London is one of the world’s greatest cities with a vast array of quality dining options for every palate. Whether you are looking for traditional British cuisine or a taste of the Caribbean, London is limitless in offering a food gateway to the rest of the world.
Dining options have grown and diversified over the last 10 years, and perhaps the strongest trend to emerge is the casual dining concept, which has firmly established itself in London as a real competitor. Casual dining options, whether from an established brand such as GBK (Gourmet Burger Kitchen) or a new pop-up at the end of your street, provide customers with that quick, hassle-free experience that is both flexible and reasonably priced. A lot of these options also refuse to take table reservations, such as Spuntino or MEATliquor, which has queues around the street every Thursday through Saturday night. Dining decisions also are more spontaneous and social than ever before. Whether it’s a post-work dinner with colleagues or simply an excuse to catch up, casual dining offers an array of choices for those last-minute meals.
There is no doubt informal dining is here to stay. Well-known brands with a signature food offering in great locations, coupled with a competitive price set, will continue to thrive. Even some of London’s best-known chefs are lending their names to the informal dining concept.
With all this demand, you have to wonder, are fine-dining restaurants still going to survive? Michelin-starred restaurants once used to have that air of exclusivity, yet today they have never been more accessible for everyone to enjoy. Lunch specials and set menus will keep these in business and introduce new customers to their base. Some Michelin-starred restaurants are thriving with a more relaxed approach — waiters now offer to leave the wine on the table, and some will not have a tablecloth in sight. One of the most successful examples, Pollen Street Social, definitely argues that fine dining is still in demand. Where PSS succeeds is by delivering exceptional food in casual and relaxed surroundings.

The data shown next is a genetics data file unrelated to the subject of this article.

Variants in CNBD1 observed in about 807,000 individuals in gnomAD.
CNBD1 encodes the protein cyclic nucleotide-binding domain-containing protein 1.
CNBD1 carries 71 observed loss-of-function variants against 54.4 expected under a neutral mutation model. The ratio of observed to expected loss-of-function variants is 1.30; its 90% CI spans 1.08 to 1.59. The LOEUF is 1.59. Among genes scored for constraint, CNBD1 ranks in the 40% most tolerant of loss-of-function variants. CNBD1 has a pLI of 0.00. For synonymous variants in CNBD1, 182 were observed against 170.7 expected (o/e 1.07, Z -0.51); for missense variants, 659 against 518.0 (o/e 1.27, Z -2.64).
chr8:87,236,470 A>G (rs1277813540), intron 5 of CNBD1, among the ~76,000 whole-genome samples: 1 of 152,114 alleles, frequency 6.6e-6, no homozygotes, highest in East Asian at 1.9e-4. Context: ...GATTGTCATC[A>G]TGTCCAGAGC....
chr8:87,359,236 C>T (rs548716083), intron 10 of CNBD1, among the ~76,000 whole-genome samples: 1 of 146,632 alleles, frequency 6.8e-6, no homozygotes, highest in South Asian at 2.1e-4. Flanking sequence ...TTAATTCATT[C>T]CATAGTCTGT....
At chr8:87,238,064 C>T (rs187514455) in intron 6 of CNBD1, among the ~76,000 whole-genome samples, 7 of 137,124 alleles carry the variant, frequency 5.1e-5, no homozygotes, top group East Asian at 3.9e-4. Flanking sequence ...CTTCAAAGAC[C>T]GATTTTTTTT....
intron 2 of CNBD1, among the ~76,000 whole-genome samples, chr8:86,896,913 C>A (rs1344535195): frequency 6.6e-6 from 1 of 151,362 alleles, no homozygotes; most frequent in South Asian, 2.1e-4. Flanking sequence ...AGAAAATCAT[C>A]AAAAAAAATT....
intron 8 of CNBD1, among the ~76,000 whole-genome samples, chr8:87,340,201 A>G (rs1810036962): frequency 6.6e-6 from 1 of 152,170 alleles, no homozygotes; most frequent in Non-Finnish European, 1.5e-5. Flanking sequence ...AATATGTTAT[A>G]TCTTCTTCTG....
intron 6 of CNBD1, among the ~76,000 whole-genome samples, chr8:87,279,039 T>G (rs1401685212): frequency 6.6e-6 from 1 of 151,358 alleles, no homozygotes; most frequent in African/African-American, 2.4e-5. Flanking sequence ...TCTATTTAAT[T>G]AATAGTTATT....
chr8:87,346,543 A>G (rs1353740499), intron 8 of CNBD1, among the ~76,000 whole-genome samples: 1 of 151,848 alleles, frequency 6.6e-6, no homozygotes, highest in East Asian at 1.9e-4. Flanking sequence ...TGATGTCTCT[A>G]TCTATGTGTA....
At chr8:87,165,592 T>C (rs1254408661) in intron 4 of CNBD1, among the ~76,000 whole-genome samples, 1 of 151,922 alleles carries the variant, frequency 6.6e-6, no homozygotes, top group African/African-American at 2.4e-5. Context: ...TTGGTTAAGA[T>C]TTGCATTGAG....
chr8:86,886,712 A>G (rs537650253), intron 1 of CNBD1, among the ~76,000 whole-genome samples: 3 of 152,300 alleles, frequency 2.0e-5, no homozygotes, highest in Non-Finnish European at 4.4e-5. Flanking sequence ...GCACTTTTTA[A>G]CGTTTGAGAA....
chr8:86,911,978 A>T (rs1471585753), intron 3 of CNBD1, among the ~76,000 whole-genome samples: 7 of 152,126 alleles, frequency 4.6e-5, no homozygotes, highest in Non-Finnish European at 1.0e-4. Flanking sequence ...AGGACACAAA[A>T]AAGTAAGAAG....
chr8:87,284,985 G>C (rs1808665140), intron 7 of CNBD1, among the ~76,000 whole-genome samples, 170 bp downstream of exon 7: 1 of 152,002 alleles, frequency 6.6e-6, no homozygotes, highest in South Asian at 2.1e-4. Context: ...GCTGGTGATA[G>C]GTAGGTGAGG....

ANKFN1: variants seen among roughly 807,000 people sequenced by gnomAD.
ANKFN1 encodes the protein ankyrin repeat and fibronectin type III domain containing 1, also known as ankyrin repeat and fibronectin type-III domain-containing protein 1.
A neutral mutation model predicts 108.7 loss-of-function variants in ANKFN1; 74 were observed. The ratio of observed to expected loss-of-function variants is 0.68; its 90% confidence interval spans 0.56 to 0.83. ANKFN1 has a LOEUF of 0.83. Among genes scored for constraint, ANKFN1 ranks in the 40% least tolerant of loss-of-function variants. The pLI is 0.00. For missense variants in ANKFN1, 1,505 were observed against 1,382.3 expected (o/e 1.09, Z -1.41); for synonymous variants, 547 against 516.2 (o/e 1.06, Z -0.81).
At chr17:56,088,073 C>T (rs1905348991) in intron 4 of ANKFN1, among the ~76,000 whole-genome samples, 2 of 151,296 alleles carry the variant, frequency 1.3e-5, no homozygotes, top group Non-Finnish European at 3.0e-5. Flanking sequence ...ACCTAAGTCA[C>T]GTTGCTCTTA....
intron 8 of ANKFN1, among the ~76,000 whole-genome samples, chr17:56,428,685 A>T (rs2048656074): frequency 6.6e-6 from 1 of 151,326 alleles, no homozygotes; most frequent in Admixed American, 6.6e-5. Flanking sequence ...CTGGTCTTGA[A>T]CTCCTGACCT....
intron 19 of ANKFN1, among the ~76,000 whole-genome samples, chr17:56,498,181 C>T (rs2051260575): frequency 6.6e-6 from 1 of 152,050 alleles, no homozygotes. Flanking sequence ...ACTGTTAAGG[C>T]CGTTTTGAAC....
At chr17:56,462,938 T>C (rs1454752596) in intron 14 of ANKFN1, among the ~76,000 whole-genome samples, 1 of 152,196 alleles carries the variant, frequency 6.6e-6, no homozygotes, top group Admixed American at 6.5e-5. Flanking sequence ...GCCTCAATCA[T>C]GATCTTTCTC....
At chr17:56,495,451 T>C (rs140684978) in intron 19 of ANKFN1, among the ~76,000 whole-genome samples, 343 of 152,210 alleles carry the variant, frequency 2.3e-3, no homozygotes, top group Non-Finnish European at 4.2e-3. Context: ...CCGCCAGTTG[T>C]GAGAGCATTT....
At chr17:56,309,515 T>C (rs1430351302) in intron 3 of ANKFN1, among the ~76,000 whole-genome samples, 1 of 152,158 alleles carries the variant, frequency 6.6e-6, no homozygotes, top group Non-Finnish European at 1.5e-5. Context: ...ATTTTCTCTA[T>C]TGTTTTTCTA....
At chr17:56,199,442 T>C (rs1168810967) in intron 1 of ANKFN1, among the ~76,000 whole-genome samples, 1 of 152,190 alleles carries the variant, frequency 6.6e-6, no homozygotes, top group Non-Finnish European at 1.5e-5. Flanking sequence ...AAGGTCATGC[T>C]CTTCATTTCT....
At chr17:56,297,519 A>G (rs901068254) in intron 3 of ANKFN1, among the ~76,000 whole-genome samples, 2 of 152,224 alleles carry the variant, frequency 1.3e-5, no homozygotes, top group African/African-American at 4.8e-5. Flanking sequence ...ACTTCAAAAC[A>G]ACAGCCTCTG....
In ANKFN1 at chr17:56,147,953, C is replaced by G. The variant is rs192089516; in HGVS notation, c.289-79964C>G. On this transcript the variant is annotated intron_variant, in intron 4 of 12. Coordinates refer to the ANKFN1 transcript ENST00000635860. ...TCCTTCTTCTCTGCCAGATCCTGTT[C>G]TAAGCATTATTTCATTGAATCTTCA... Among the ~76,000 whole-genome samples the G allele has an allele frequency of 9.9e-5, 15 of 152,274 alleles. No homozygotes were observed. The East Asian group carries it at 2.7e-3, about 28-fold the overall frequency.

But are people still looking for that elegant fine-dining restaurant? I truly believe guests will always want that great service, and there is a reason why establishments such as Le Gavroche will remain as permanent fixtures in our city. Not only do they deliver the highest levels of food, but their service delivery is flawless. There will always be that demand to impress your clients, to pull off the best surprise or simply enjoy, and these places guarantee you the ultimate in food hospitality. That refined luxury will always be in demand.
As much as I believe informal dining has an even bigger future ahead, fine-dining restaurants will still continue to attract new customers seeking that guarantee of quality food and service. What do you think?